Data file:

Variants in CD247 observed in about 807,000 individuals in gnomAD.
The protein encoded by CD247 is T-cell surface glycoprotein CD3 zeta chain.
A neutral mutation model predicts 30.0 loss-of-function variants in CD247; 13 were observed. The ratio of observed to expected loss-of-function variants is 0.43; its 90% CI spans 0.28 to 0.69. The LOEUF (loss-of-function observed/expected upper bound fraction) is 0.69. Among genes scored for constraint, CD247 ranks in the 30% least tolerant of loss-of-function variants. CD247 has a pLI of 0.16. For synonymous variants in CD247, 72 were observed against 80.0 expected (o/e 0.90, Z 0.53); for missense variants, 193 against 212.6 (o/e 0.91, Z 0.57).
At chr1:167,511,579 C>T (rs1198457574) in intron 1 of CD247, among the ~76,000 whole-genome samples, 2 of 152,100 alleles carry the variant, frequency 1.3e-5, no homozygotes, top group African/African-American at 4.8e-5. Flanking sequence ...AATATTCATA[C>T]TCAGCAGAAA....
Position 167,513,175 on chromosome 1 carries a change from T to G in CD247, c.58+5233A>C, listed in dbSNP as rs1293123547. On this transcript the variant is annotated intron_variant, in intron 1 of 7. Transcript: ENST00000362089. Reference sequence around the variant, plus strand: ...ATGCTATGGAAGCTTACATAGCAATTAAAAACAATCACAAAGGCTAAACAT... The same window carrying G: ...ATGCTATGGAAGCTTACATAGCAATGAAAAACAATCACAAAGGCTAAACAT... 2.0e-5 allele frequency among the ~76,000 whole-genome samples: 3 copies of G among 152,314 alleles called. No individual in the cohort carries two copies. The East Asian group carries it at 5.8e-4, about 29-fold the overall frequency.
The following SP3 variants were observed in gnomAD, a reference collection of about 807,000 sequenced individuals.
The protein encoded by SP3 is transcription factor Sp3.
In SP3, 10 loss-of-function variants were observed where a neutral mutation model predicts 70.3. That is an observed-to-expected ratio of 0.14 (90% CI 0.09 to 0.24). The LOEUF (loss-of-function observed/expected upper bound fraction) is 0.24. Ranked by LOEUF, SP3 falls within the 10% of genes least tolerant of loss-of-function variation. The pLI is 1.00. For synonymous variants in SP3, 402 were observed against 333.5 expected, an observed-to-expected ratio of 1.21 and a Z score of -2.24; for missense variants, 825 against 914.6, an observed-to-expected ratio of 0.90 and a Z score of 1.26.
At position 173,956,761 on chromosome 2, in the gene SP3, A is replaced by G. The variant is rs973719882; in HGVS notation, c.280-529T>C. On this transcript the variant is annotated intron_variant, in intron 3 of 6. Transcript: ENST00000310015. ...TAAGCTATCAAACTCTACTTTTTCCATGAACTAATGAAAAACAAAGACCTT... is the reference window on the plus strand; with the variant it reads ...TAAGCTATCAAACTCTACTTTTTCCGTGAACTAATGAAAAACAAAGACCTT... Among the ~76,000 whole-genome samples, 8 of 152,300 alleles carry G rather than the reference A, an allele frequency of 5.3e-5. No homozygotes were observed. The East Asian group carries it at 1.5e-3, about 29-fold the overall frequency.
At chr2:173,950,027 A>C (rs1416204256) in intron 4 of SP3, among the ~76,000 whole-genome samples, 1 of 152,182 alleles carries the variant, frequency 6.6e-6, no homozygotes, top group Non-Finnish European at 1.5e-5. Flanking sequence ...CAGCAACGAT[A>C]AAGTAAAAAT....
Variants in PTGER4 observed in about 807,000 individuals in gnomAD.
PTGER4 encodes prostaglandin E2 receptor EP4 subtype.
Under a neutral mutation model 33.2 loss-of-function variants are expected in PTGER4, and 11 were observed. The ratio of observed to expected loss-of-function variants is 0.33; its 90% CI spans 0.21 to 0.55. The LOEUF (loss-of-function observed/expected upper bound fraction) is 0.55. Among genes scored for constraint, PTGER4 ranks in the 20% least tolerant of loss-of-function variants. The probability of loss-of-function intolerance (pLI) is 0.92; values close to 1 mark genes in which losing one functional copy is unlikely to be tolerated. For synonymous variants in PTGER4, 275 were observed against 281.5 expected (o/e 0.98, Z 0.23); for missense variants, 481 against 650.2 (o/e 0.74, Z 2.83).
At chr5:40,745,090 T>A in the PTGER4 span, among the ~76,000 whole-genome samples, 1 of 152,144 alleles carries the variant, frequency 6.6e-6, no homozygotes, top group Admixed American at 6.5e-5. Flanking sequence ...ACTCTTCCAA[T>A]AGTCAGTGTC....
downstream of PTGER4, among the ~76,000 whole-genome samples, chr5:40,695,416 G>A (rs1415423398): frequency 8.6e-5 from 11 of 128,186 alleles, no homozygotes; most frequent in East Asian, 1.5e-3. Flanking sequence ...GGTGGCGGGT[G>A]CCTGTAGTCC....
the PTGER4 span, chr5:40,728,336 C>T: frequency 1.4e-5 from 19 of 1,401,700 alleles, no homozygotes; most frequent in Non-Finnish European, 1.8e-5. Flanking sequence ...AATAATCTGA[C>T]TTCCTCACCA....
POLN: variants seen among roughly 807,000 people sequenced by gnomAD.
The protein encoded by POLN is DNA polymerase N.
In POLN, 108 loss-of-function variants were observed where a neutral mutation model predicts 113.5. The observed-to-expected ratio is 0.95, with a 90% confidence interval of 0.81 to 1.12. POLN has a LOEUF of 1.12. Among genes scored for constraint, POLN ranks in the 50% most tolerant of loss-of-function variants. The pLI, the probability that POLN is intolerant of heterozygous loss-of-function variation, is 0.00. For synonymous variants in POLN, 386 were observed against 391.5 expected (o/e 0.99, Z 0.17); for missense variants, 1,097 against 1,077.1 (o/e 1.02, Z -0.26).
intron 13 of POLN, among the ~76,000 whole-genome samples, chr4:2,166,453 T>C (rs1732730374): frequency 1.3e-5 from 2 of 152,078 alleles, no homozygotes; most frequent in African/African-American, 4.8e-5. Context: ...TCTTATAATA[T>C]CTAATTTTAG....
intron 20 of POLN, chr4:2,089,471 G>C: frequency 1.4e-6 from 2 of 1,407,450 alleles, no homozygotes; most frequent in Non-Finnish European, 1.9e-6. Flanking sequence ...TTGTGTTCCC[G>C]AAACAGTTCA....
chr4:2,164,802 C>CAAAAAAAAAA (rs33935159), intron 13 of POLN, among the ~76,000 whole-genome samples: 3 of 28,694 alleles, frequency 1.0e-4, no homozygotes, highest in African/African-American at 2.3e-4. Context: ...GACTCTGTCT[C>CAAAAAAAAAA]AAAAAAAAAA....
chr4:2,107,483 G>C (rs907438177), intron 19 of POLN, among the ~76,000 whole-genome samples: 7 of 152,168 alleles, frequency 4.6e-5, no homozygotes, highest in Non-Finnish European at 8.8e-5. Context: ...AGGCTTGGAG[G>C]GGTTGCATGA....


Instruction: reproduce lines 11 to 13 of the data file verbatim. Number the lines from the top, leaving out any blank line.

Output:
Variants in PTGER4 observed in about 807,000 individuals in gnomAD.
PTGER4 encodes prostaglandin E2 receptor EP4 subtype.
Under a neutral mutation model 33.2 loss-of-function variants are expected in PTGER4, and 11 were observed. The ratio of observed to expected loss-of-function variants is 0.33; its 90% CI spans 0.21 to 0.55. The LOEUF (loss-of-function observed/expected upper bound fraction) is 0.55. Among genes scored for constraint, PTGER4 ranks in the 20% least tolerant of loss-of-function variants. The probability of loss-of-function intolerance (pLI) is 0.92; values close to 1 mark genes in which losing one functional copy is unlikely to be tolerated. For synonymous variants in PTGER4, 275 were observed against 281.5 expected (o/e 0.98, Z 0.23); for missense variants, 481 against 650.2 (o/e 0.74, Z 2.83).